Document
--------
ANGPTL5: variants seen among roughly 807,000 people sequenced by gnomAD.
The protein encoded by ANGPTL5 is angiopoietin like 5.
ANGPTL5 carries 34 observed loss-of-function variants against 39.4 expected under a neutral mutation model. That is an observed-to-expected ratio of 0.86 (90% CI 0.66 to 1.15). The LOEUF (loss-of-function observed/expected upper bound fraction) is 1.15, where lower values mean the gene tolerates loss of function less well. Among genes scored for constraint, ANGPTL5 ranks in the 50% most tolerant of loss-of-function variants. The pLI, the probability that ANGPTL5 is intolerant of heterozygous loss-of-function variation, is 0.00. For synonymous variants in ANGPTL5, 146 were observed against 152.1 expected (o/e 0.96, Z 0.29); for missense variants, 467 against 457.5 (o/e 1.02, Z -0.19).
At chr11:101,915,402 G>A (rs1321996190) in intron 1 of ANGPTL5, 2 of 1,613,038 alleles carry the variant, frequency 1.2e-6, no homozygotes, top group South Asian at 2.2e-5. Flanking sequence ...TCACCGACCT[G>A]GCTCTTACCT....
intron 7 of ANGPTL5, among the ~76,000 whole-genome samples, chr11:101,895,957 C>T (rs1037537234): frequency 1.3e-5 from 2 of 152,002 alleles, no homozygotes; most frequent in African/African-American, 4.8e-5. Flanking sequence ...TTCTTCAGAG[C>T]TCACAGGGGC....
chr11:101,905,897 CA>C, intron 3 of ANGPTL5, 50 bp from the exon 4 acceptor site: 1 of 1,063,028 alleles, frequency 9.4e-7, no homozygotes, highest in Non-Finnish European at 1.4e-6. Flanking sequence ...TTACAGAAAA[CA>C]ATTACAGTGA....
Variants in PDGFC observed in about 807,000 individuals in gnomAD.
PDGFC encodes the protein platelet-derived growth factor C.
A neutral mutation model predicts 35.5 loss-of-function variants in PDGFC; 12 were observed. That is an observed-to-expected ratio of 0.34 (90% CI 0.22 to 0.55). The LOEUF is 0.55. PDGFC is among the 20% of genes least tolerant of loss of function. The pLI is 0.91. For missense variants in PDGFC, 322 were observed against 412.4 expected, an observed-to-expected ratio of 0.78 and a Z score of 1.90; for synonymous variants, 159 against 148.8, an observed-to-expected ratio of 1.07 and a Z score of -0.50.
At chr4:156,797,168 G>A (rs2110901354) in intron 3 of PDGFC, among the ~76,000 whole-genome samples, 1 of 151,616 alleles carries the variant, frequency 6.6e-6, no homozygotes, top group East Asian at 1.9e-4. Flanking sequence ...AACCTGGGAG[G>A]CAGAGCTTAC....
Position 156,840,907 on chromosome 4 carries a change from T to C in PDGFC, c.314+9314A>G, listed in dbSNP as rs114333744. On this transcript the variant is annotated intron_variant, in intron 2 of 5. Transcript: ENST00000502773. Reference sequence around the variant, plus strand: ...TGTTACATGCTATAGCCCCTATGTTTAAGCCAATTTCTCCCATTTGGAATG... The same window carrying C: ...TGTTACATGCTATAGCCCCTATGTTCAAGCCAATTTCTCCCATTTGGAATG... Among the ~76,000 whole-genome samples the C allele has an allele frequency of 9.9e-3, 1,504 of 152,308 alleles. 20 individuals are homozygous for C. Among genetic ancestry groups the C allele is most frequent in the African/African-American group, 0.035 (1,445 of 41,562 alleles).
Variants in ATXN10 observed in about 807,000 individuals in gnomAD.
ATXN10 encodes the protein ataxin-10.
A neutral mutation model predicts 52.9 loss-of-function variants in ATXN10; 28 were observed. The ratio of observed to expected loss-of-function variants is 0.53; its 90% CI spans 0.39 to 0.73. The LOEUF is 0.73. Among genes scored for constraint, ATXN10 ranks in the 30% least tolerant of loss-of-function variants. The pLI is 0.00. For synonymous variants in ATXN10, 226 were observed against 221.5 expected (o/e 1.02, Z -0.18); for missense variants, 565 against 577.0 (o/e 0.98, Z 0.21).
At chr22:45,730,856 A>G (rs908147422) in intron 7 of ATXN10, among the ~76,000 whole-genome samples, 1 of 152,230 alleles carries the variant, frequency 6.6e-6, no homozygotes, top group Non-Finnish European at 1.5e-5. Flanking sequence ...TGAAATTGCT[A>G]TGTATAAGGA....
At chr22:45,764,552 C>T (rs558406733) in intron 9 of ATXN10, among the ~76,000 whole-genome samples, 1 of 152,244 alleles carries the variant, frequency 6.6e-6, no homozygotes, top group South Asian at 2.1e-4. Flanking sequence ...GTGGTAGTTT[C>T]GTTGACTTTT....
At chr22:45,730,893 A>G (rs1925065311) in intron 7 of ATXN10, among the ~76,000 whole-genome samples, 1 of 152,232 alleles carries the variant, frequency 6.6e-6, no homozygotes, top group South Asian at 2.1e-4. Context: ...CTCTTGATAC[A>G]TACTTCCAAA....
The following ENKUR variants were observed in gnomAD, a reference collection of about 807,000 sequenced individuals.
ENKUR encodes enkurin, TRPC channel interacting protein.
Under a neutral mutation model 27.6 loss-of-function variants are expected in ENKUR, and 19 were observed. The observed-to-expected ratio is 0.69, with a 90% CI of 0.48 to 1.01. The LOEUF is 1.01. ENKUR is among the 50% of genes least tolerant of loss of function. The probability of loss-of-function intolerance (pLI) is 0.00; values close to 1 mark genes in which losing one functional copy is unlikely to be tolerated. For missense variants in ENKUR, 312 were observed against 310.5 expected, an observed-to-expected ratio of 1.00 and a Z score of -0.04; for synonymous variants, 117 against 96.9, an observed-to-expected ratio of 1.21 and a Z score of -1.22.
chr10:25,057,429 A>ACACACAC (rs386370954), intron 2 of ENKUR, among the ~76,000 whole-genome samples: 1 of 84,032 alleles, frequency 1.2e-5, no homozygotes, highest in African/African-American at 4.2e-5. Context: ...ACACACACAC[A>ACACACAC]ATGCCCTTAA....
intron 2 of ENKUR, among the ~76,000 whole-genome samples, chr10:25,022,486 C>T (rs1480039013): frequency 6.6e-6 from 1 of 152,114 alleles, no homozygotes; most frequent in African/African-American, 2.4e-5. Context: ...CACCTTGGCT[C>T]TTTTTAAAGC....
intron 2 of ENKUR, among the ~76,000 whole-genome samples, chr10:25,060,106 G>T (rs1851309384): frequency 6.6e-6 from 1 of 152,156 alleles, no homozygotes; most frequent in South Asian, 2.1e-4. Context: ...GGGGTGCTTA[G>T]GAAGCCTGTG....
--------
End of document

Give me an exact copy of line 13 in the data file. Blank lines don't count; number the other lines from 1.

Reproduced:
ATXN10 encodes the protein ataxin-10.